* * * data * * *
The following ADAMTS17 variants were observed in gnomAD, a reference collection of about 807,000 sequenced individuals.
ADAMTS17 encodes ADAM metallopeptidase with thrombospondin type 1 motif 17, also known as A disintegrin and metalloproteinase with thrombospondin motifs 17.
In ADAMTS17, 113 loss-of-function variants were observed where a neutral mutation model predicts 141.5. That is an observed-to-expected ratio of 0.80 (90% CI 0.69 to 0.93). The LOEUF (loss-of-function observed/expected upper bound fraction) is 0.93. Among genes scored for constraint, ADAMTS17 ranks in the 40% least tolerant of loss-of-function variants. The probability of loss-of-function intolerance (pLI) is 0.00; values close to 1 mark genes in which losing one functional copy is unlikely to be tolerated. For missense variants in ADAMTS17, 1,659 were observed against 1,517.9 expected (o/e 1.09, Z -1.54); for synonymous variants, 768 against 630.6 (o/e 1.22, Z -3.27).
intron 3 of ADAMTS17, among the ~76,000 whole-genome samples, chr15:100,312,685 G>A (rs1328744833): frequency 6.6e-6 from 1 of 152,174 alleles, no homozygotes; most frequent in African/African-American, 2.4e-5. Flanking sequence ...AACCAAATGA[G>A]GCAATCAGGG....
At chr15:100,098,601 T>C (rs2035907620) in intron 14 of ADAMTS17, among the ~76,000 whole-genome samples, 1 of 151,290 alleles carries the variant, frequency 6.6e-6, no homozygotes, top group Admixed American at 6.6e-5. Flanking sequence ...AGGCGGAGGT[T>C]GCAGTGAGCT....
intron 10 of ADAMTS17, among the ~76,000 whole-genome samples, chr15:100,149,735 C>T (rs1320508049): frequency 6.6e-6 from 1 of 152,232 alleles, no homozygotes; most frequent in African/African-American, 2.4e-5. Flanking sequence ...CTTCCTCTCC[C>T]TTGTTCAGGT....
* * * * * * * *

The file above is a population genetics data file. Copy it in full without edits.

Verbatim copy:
The following ADAMTS17 variants were observed in gnomAD, a reference collection of about 807,000 sequenced individuals.
ADAMTS17 encodes ADAM metallopeptidase with thrombospondin type 1 motif 17, also known as A disintegrin and metalloproteinase with thrombospondin motifs 17.
In ADAMTS17, 113 loss-of-function variants were observed where a neutral mutation model predicts 141.5. That is an observed-to-expected ratio of 0.80 (90% CI 0.69 to 0.93). The LOEUF (loss-of-function observed/expected upper bound fraction) is 0.93. Among genes scored for constraint, ADAMTS17 ranks in the 40% least tolerant of loss-of-function variants. The probability of loss-of-function intolerance (pLI) is 0.00; values close to 1 mark genes in which losing one functional copy is unlikely to be tolerated. For missense variants in ADAMTS17, 1,659 were observed against 1,517.9 expected (o/e 1.09, Z -1.54); for synonymous variants, 768 against 630.6 (o/e 1.22, Z -3.27).
intron 3 of ADAMTS17, among the ~76,000 whole-genome samples, chr15:100,312,685 G>A (rs1328744833): frequency 6.6e-6 from 1 of 152,174 alleles, no homozygotes; most frequent in African/African-American, 2.4e-5. Flanking sequence ...AACCAAATGA[G>A]GCAATCAGGG....
At chr15:100,098,601 T>C (rs2035907620) in intron 14 of ADAMTS17, among the ~76,000 whole-genome samples, 1 of 151,290 alleles carries the variant, frequency 6.6e-6, no homozygotes, top group Admixed American at 6.6e-5. Flanking sequence ...AGGCGGAGGT[T>C]GCAGTGAGCT....
intron 10 of ADAMTS17, among the ~76,000 whole-genome samples, chr15:100,149,735 C>T (rs1320508049): frequency 6.6e-6 from 1 of 152,232 alleles, no homozygotes; most frequent in African/African-American, 2.4e-5. Flanking sequence ...CTTCCTCTCC[C>T]TTGTTCAGGT....